Professor, English Literature
Stefan Helgesson is professor of English at Stockholm University. His research interests include southern African literature in English and Portuguese, Brazilian literature, postcolonial theory, translation theory and theories of world literature.
He is the author of Writing in Crisis: Ethics and History in Gordimer, Ndebele and Coetzee (2004) and Transnationalism in Southern African Literature (2009), has edited volume four of Literary History: Towards a Global Perspective (2006) and is co-editor (with Pieter Vermeulen) of Institutions of World Literature: Writing, Translation, Markets (2015). His articles have appeared in journals such as Research in African Literatures, Interventions, History and Theory and Translation Studies. He is on the editioral board of, among others, Journal of World Literature, English Studies in Africa and The Cambridge Journal of Postcolonial Literary Inquiry, and has previously been on the steering committee of two major research programmes in Sweden: “Literature and Literary History in Global Contexts” (1999-2005) and “Time, Memory and Representation” (2010-2015).
He is working on two projects within the programme. One is tentatively called "Literary Theory from the South" and has been ongoing for some time. Through four historically oriented case studies - the São Paulo school of criticism in the 1960s and '70s (mainly Antonio Candido), what could be called the Johannesburg school of criticism in the 1970s (Tim Couzens, Stephen Gray and Es'kia Mphahlele, among others), and the essayistic output of Leopold Senghor and Ngugi wa Thiongo, respectively - it aims at recovering, within a world-systemic predicament, their multiple figurations of the concept of literature prior to the advent of postcolonial theory writ large. The second project is described below.
Language and Literary Worldmaking in Southern Africa: The Case of Little Magazines
The titles of literary journals in southern Africa tell an interesting story. We have, on the hand, all those irreducibly local and vernacular names: Voorslag (Durban 1926-1927), Izwi (Johannesburg 1971-1974), Charrua (Maputo 1984-1985), Staffrider (Johannesburg 1978-1992), Donga (Johannesburg 1976-1978), The Purple Renoster (Johannesburg 1956-1972), and so on. Each could be explored in its own right, as it opens up a particular domain of local experience: the hoe, or “charrua”, of agrarian Mozambique; the perilous black experience of “riding staff” (i. e. illegally) on commuter trains in 1970s South Africa. Then again, there are those other journals that have generic and translatable titles: Mensagem (Luanda 1951-53), Two Tone (Salisbury/Harare 1954), Caliban (Lourenço Marques/Maputo 1970-1973), The Classic (Johannesburg 1963-1971), Sesame (Johannesburg 1982-1992), Bolt (Durban 1970-1975). It seems peculiarly apt that the naming policies of these journals shuttle between the cosmopolitan and vernacular poles, given that the “little magazines” themselves are key players in establishing local (sometimes very short-lived) literary communities that interact with different cosmopolitan literary trajectories, including high modernism (Voorslag, Caliban), social realism (Charrua, Staffrider), and various versions of Black Atlantic expression (Mensagem – see Gilroy on the Black Atlantic).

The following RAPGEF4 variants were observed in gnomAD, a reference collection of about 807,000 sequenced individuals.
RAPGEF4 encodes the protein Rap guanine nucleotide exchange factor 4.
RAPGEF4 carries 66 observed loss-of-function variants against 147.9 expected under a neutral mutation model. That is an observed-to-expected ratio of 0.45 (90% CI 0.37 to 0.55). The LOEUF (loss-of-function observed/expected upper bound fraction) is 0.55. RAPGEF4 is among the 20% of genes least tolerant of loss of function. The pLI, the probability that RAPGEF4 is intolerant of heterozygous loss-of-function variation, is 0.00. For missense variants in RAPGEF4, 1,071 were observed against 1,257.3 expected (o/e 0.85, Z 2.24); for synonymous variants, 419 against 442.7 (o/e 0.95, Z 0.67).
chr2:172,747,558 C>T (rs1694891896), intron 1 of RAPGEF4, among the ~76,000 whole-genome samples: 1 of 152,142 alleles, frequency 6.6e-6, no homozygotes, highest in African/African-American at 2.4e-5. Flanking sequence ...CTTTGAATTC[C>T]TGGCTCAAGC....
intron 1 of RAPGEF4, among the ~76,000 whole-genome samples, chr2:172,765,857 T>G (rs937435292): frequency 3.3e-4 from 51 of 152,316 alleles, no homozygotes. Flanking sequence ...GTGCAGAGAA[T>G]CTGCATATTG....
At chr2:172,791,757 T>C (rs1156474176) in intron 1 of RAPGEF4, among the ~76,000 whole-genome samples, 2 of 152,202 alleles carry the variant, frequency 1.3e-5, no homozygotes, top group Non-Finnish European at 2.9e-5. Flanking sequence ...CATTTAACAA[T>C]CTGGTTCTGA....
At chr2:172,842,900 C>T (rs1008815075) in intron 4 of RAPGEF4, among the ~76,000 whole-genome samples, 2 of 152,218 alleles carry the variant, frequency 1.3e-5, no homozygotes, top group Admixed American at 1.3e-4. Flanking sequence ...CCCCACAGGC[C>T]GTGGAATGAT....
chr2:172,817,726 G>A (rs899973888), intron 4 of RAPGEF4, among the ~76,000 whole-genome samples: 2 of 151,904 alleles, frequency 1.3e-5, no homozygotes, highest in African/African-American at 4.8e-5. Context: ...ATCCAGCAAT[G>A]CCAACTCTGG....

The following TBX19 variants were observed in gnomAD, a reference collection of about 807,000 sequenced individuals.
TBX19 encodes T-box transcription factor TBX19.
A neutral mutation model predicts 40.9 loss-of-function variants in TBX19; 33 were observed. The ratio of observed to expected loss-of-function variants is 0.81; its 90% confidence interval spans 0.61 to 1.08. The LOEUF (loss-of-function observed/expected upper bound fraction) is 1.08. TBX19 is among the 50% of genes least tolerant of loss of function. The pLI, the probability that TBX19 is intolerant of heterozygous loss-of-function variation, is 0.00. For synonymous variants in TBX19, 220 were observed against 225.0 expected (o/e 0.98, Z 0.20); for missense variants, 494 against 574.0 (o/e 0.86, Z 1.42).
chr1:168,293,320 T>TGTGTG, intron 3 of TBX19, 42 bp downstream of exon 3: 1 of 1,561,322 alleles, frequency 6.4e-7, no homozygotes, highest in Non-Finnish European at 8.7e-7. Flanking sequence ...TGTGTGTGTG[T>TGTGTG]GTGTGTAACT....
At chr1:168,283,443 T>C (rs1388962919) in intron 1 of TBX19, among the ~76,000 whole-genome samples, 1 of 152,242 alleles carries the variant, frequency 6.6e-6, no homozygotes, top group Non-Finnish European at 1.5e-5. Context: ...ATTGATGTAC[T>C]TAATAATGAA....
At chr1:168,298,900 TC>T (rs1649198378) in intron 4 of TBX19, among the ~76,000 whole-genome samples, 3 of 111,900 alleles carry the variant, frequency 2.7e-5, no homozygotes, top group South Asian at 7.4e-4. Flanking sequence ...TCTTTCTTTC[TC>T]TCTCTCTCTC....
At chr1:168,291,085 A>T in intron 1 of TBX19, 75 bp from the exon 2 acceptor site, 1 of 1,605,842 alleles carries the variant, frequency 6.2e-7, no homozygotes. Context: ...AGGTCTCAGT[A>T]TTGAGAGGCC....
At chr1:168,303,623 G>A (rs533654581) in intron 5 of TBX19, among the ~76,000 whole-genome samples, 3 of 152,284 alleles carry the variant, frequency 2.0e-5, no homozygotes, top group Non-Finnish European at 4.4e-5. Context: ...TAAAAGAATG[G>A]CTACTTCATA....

Taking seriously the capacity of literature to be not just in the world, or to circulate across spatial boundaries, but to participate in the temporal making of the world, as understood by Cheah (2014) and Arendt (1958), among others, this project intends to investigate the particular forms that such worldmaking assumes in these literary journals, or “little magazines”. Requiring less material resources than book publication, and as collective endeavours, it well known that little magazines have had pride of place in African literary cultures in the twentieth century. Judging from the growing body of research (Barber 2006 and 2007; Lindfors 1996; Helgesson 2009; Hofmeyr 2013; Newell 2000 and 2002; Ribeiro and Sopa 1996; Sandwith 2014) it is also evident that such print communities enabled historically distinct forms of cosmopolitan interaction, while remaining clearly produced in a particular place and answerable to a more or less circumscribed “imagined community” (Anderson1983). It is precisely here that the question of cosmopolitan and vernacular dynamics gathers urgency: not only are several such journals bi- or multilingual (examples: Voorslag, Indian Opinion, Two Tone, O Brado Africano, Izwi), with material both in a “cosmopolitan” language in one or several local “vernaculars”, but they all demonstrate a capacity to resituate “foreign” or “borrowed” material through translation, republication, commentary or paraphrase.
Given the multilingualism of these publications, the project will attempt to reconsider literary language in terms of a dynamic process of languaging (Swain) that occurs within politically pressured spaces. Languaging is structured by an address of some kind (which raises the question of audiences), and it moves across and combines distinct modalities of language, such as print, orality, genre, translation, affect, and corporeality. The combinatory aspect is crucial: the English-Afrikaans-French cluster of Voorslag enables a very different literary world compared to, say, the Portuguese-Ronga cluster of Charrua, or the English-Shona-Ndebele cluster of Two Tone. A guiding hypothesis of the project is that insofar as languaging in the journals intersects with distinct transnational imaginaries such as high modernism, Commonwealth literature, anticolonial activism, the socialist international, and the community of lusophone literatures, this will put significant pressure on systemic theories of world literature as a single (albeit uneven) whole (Casanova, Moretti).